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October 18, 2018

SPECIAL GUEST WILLIAM R. COOK, Professor Emeritus of History and Founder of the Bill Cook Foundation. St. Francis is perhaps the most admired medieval saint.  Many choose to pattern their lives directly after Francis in one of the religious orders of the Franciscan family.  However, all of us can seek to follow Francis in a Read More »

Castle of Love: Education, Mary, and the Daughters of God

October 10, 2018

Robert Grosseteste used poetry and castle imagery to promote Church reform. From his Castle of Love, Sr. Felicity Dorsett, OSF, assistant professor of theology, will discuss the role of Mary and the “four daughters of God” from Psalm 85: Kindness, Truth, Justice, and Peace. All are welcome and admission is free. Sunday, November 11, 2018 Read More »

Visual Pilgrimage to the Heart of Assisi at the Heart of Our Campus

September 19, 2018

Join Fr. David Meinzen, university chaplain, in the new St. Francis chapel on a walk-through of our New Oratory as he shares the multifaceted significance of its location, historic architecture, and iconic imagery, and gives some sneak previews of visual treasures yet to come. All are welcome and admission is free. Thursday, October 4, 2018 Read More »

How to Read Plato

August 30, 2018

Plato is not a Neoplatonist.  Plato isn’t even a Platonist.  Yet, he is often thought to be such by many today.  These common misconceptions are usually the result of received opinion, but they are sometimes the result of people who have attempted to read Plato’s writings firsthand, who nevertheless misunderstand what they read.  In this Read More »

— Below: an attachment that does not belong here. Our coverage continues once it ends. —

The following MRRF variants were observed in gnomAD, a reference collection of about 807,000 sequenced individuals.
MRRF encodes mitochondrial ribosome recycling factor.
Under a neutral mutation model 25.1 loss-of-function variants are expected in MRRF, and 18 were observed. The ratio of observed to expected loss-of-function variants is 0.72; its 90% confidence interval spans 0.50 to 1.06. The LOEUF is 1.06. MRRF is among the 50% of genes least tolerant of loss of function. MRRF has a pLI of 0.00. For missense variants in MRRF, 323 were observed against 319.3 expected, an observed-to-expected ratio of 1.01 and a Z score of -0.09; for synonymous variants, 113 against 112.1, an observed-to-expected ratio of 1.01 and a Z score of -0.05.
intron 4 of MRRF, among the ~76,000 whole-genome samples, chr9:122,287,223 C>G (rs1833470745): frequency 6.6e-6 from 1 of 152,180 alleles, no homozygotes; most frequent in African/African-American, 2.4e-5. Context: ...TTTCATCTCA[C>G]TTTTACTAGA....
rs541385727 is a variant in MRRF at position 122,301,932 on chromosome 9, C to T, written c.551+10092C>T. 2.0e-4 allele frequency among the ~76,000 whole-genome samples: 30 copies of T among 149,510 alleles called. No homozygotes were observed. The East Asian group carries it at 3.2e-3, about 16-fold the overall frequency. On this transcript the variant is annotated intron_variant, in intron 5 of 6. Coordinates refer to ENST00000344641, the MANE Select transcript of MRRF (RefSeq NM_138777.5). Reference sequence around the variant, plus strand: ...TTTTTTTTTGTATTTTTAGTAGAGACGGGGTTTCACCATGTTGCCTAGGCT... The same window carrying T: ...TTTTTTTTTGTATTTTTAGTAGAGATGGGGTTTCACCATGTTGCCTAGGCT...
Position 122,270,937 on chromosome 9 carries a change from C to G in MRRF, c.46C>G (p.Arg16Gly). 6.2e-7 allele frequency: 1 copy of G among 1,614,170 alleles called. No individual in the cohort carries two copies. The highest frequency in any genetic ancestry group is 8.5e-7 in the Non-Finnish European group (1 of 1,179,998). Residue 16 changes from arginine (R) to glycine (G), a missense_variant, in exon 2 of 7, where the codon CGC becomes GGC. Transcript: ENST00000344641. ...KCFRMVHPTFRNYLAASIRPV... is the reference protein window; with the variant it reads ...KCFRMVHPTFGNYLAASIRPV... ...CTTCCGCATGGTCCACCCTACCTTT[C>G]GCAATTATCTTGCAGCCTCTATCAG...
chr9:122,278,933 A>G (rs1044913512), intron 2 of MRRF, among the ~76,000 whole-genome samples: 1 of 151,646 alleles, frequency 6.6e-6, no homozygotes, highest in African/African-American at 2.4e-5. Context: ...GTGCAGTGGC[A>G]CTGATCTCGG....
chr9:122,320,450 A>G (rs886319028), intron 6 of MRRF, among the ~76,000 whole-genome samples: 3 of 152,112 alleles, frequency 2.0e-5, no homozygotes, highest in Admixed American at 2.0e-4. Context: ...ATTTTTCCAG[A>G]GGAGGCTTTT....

An Introduction to Social Ontology

March 21, 2018

Have you every considered how real or what type of reality is our social life together? Human beings live in two worlds, one that is natural and the other is a construction of our ideas and practices. Are these worlds distinct or do they intersect? Dr. Vincent Wargo, assistant professor of philosophy, will explore what Read More »

Karl Marx at 200: Who Cares?

March 12, 2018

200 years after the birth of Karl Marx, does he still matter? Hasn’t the disastrous former Soviet Union totally discredited him? Isn’t he irrelevant after the end of the Cold War? What good remains in his wide-ranging thought about economics, politics, philosophy, and God? Following on from Alasdair MacIntyre’s recent argument that Catholics and others Read More »

Truth, Consumerism, and Democracy

February 16, 2018

Consumerism marks our culture, democracy defines our governance.  Together they characterize much of the way we live communally.   Where does this leave truth?  Have we left any room for it to make a difference in the way we live our lives? In this public lecture, Dr. Lewis Pearson, Associate Professor of Philosophy, will explain how to think Read More »

Confirmation: A Sacrament Out of Time and Place?

February 1, 2018

Parents, pastors, catechists, teachers, and even bishops struggle in the Roman Catholic Church over when and why kids should be confirmed—2nd grade? 8th grade? Before Confession? After First Communion? And what is Confirmation—the equivalent of a Jewish bar mitzvah or of a “graduation” from middle school and regular catechesis? What about the historic and current Read More »

The Message of Fatima: Then and Now

September 27, 2017

A public lecture, titled “The Message of Fatima: Then and Now,” will be presented by USF Assistant Professor Sister Jacinta Krecek, OSF. Saint John Paul II said, “Fatima is more relevant now than ever.” With this year marking 100 years since Our Lady of Fatima delivered her message, Sister Jacinta Krecek, OSF, will examine what Read More »

Fake News and the Fathers of Suspicion

August 31, 2017

Presented by USF Associate Professor Dr. Adam DeVille, “Fake News and the Fathers of Suspicion: Learning from Freud, Marx and Evagrius” is the first in a series offered by USF Department of Philosophy and Theology faculty throughout the academic year. Dr. DeVille will discuss how and why Christians should engage Marx and Freud, and what Read More »